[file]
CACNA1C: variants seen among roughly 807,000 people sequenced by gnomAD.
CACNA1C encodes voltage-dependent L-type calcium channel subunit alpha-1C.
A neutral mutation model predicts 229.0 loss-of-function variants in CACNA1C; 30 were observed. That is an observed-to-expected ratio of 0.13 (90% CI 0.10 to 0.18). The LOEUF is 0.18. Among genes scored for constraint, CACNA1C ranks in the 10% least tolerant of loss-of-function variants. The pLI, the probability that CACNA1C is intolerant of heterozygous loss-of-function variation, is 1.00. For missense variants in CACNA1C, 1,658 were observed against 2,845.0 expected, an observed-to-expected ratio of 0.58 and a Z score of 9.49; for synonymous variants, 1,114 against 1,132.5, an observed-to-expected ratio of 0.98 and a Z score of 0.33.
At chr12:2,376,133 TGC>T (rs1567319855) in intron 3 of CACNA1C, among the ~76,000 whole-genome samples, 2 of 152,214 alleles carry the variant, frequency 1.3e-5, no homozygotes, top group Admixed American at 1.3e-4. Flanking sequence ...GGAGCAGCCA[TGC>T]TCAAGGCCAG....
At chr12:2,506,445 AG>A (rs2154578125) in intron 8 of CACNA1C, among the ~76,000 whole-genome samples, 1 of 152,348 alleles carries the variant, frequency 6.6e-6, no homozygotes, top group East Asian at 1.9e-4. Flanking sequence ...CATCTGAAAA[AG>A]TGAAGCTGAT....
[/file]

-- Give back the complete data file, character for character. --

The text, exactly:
CACNA1C: variants seen among roughly 807,000 people sequenced by gnomAD.
CACNA1C encodes voltage-dependent L-type calcium channel subunit alpha-1C.
A neutral mutation model predicts 229.0 loss-of-function variants in CACNA1C; 30 were observed. That is an observed-to-expected ratio of 0.13 (90% CI 0.10 to 0.18). The LOEUF is 0.18. Among genes scored for constraint, CACNA1C ranks in the 10% least tolerant of loss-of-function variants. The pLI, the probability that CACNA1C is intolerant of heterozygous loss-of-function variation, is 1.00. For missense variants in CACNA1C, 1,658 were observed against 2,845.0 expected, an observed-to-expected ratio of 0.58 and a Z score of 9.49; for synonymous variants, 1,114 against 1,132.5, an observed-to-expected ratio of 0.98 and a Z score of 0.33.
At chr12:2,376,133 TGC>T (rs1567319855) in intron 3 of CACNA1C, among the ~76,000 whole-genome samples, 2 of 152,214 alleles carry the variant, frequency 1.3e-5, no homozygotes, top group Admixed American at 1.3e-4. Flanking sequence ...GGAGCAGCCA[TGC>T]TCAAGGCCAG....
At chr12:2,506,445 AG>A (rs2154578125) in intron 8 of CACNA1C, among the ~76,000 whole-genome samples, 1 of 152,348 alleles carries the variant, frequency 6.6e-6, no homozygotes, top group East Asian at 1.9e-4. Flanking sequence ...CATCTGAAAA[AG>A]TGAAGCTGAT....